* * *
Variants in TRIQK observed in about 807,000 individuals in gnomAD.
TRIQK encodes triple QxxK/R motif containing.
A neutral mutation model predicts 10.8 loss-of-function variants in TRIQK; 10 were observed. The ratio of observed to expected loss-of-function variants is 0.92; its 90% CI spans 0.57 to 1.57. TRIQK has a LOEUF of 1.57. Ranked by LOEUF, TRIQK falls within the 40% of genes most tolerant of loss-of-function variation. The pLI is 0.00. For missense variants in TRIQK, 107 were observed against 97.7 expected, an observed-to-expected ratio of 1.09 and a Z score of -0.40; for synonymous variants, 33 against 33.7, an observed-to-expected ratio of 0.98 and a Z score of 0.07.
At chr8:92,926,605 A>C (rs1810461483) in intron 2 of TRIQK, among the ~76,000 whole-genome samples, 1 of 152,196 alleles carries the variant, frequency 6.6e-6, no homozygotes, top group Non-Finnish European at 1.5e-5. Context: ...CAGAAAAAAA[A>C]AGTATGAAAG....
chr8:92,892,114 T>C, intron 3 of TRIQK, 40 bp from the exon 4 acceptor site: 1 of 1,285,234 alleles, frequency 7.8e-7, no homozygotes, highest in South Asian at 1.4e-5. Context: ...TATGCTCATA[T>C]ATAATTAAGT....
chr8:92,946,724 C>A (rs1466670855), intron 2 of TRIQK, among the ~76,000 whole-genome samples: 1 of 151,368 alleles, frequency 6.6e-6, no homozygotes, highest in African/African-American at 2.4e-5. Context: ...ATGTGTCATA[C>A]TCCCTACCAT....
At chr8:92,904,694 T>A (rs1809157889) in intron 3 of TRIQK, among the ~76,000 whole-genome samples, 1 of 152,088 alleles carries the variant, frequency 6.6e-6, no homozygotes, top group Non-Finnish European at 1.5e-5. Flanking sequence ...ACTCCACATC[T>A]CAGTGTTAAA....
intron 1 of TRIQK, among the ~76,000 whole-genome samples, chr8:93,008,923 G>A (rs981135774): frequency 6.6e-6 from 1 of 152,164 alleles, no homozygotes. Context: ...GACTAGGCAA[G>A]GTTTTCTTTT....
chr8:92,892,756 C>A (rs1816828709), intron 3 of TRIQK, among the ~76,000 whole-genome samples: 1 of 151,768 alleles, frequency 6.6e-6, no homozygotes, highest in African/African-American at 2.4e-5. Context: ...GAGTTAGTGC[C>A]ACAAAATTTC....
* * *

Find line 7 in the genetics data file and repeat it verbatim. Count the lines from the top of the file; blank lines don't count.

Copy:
At chr8:92,904,694 T>A (rs1809157889) in intron 3 of TRIQK, among the ~76,000 whole-genome samples, 1 of 152,088 alleles carries the variant, frequency 6.6e-6, no homozygotes, top group Non-Finnish European at 1.5e-5. Flanking sequence ...ACTCCACATC[T>A]CAGTGTTAAA....